- Tom Roberts spent much of the summer in Estonia conducting fieldwork, preparing an experiment for QP2, working on miscellaneous projects, exploring the country, and trying every item on the menu at Sõõrikukohvik. He rounded out his trip in his natural milieu–in the midst of semanticists and pragmaticians–with a talk at Sinn und Bedeutung in Potsdam, Germany, before descending once more on sunny Santa Cruz.
- Kelsey Kraus spent the first part of the break in Göttingen at a summer school on Speech Acts and Historical Linguistics. After a bit of time back in Santa Cruz, she returned to Germany at the beginning of September, but this time to Konstanz, to present at the Questioning Speech Acts Workshop. She’ll be visiting there for most of the Fall quarter, where she will be working with the Questions at the Interfaces Research Unit on English and German discourse particles.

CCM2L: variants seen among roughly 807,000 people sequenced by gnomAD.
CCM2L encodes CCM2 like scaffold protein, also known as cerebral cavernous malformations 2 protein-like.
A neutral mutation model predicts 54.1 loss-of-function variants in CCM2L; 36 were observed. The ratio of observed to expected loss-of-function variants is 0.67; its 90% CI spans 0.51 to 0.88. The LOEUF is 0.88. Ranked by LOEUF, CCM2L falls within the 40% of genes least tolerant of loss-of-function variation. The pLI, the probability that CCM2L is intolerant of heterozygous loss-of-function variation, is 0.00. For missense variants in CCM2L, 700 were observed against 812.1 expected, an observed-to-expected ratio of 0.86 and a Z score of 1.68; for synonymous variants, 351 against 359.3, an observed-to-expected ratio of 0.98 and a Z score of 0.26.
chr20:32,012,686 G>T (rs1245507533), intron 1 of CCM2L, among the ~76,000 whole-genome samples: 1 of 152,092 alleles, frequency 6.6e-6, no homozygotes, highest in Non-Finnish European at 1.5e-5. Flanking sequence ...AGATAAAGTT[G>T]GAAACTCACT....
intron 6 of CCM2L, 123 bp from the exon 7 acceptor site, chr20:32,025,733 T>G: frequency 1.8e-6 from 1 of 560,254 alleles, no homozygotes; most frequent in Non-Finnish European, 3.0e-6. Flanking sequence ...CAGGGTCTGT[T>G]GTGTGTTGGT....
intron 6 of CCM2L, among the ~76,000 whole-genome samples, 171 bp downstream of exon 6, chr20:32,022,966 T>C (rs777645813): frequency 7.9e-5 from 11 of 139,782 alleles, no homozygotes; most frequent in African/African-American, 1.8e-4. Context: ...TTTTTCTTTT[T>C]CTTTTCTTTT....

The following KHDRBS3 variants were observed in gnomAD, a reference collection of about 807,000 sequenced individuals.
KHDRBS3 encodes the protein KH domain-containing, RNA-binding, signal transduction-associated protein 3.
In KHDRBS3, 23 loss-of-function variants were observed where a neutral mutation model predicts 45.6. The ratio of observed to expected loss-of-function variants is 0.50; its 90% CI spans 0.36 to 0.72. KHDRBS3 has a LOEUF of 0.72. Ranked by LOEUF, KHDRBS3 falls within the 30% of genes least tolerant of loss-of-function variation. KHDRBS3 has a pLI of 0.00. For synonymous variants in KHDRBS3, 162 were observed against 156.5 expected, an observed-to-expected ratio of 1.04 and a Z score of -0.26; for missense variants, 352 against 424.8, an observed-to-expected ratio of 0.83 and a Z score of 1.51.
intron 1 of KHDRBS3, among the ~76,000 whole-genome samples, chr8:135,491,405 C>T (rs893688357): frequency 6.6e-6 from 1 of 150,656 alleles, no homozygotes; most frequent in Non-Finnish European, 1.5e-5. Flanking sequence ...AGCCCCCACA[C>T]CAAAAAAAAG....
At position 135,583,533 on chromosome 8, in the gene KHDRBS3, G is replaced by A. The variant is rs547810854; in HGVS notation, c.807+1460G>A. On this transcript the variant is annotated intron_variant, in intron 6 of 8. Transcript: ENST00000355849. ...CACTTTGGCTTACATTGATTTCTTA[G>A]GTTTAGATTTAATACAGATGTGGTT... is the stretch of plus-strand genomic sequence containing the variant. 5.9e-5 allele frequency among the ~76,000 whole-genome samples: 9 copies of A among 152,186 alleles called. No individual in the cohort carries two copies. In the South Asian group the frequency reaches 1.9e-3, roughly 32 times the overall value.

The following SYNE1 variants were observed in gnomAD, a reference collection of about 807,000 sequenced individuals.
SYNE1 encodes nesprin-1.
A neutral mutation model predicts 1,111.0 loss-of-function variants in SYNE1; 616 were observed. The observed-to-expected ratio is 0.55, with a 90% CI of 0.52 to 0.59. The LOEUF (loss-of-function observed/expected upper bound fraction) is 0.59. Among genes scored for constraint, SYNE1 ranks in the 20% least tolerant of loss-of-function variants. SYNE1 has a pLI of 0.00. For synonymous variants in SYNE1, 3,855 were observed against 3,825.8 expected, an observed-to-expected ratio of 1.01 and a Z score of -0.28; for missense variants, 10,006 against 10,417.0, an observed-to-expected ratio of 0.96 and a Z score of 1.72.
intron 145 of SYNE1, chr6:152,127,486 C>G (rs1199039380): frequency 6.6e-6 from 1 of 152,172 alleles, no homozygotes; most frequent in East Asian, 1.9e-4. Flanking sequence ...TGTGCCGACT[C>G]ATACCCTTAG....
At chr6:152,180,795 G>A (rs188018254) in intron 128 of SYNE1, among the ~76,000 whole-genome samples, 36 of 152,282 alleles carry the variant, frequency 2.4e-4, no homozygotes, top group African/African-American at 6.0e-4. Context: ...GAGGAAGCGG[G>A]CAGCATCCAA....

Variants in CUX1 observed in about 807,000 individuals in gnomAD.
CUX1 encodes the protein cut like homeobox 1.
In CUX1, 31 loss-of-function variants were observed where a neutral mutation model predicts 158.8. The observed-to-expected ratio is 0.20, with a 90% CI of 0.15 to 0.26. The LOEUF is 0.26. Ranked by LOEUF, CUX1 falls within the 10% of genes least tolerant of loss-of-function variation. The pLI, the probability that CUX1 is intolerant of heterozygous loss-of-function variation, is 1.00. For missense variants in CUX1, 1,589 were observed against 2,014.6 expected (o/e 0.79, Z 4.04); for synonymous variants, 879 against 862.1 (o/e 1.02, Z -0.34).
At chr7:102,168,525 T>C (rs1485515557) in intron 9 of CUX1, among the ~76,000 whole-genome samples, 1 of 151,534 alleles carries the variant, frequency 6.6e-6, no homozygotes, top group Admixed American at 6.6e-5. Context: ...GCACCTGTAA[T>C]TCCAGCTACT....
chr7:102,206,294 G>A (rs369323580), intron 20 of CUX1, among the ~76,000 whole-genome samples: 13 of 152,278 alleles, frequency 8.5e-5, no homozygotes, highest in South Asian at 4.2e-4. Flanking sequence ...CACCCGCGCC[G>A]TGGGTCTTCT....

- Deniz Rudin ventured to Germany to do semantics things. His account: “This summer I went to Berlin to hang out, eat döner, experience efficient public transportation, watch Thomas De Haven Roberts deliver the UCSC Linguistics Annual Second-Year Semanticist’s First QP Sinn und Bedeutung Talk, and drink on the street. Kelsey Kraus and I then drove in a rented car to Göttingen, whither retired linguist and future librarian Andreas Walker (a former UCSC visiting graduate student) had just moved that very week. He graciously allowed us to sleep among his un-unpacked boxes in his charming apartment accessible only via a giant hefty skeleton key. The three of us watched a movie set in NorCal together, and dreamt of home. My peripatetic colleague and I then drove to Konstanz (the Santa Cruz of Europe), where we each presented our (separate) work on the meanings of English intonational tunes at Sven Lauer & Regine Eckardt’s Questioning Speech Acts workshop. Much camaraderie was on display during the startlingly well-programmed sessions, in which excellent work was presented on a cluster of similar themes, and everybody was nice to everybody else despite nobody quite agreeing with each other.”